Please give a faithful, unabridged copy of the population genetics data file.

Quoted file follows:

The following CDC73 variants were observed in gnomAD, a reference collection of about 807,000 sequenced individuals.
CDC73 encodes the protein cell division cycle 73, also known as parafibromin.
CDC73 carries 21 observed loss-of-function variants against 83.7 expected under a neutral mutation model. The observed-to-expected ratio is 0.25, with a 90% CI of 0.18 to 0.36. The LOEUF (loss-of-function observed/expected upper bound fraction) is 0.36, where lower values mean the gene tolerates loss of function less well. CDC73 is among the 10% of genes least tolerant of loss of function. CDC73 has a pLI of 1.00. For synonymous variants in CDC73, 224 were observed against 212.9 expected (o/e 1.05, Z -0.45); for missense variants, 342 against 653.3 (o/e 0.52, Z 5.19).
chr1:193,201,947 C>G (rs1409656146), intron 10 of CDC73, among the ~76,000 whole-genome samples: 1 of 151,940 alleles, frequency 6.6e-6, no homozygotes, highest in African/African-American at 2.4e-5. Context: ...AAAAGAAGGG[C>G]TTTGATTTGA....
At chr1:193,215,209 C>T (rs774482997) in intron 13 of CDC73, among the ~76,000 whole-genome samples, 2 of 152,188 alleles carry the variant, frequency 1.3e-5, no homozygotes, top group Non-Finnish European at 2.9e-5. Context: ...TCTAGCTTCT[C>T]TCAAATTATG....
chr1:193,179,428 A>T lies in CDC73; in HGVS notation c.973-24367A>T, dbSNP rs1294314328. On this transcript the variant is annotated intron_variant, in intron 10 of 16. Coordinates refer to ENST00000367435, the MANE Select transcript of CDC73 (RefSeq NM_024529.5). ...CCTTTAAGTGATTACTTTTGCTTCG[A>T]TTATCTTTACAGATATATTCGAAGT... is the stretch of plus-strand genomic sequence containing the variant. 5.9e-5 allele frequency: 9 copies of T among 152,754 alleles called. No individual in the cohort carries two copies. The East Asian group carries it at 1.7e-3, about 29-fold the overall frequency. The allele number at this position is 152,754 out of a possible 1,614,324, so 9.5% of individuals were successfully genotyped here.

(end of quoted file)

The following CDC73 variants were observed in gnomAD, a reference collection of about 807,000 sequenced individuals.
CDC73 encodes the protein cell division cycle 73, also known as parafibromin.
CDC73 carries 21 observed loss-of-function variants against 83.7 expected under a neutral mutation model. The observed-to-expected ratio is 0.25, with a 90% CI of 0.18 to 0.36. The LOEUF (loss-of-function observed/expected upper bound fraction) is 0.36, where lower values mean the gene tolerates loss of function less well. CDC73 is among the 10% of genes least tolerant of loss of function. CDC73 has a pLI of 1.00. For synonymous variants in CDC73, 224 were observed against 212.9 expected (o/e 1.05, Z -0.45); for missense variants, 342 against 653.3 (o/e 0.52, Z 5.19).
chr1:193,201,947 C>G (rs1409656146), intron 10 of CDC73, among the ~76,000 whole-genome samples: 1 of 151,940 alleles, frequency 6.6e-6, no homozygotes, highest in African/African-American at 2.4e-5. Context: ...AAAAGAAGGG[C>G]TTTGATTTGA....
At chr1:193,215,209 C>T (rs774482997) in intron 13 of CDC73, among the ~76,000 whole-genome samples, 2 of 152,188 alleles carry the variant, frequency 1.3e-5, no homozygotes, top group Non-Finnish European at 2.9e-5. Context: ...TCTAGCTTCT[C>T]TCAAATTATG....
chr1:193,179,428 A>T lies in CDC73; in HGVS notation c.973-24367A>T, dbSNP rs1294314328. On this transcript the variant is annotated intron_variant, in intron 10 of 16. Coordinates refer to ENST00000367435, the MANE Select transcript of CDC73 (RefSeq NM_024529.5). ...CCTTTAAGTGATTACTTTTGCTTCG[A>T]TTATCTTTACAGATATATTCGAAGT... is the stretch of plus-strand genomic sequence containing the variant. 5.9e-5 allele frequency: 9 copies of T among 152,754 alleles called. No individual in the cohort carries two copies. The East Asian group carries it at 1.7e-3, about 29-fold the overall frequency. The allele number at this position is 152,754 out of a possible 1,614,324, so 9.5% of individuals were successfully genotyped here.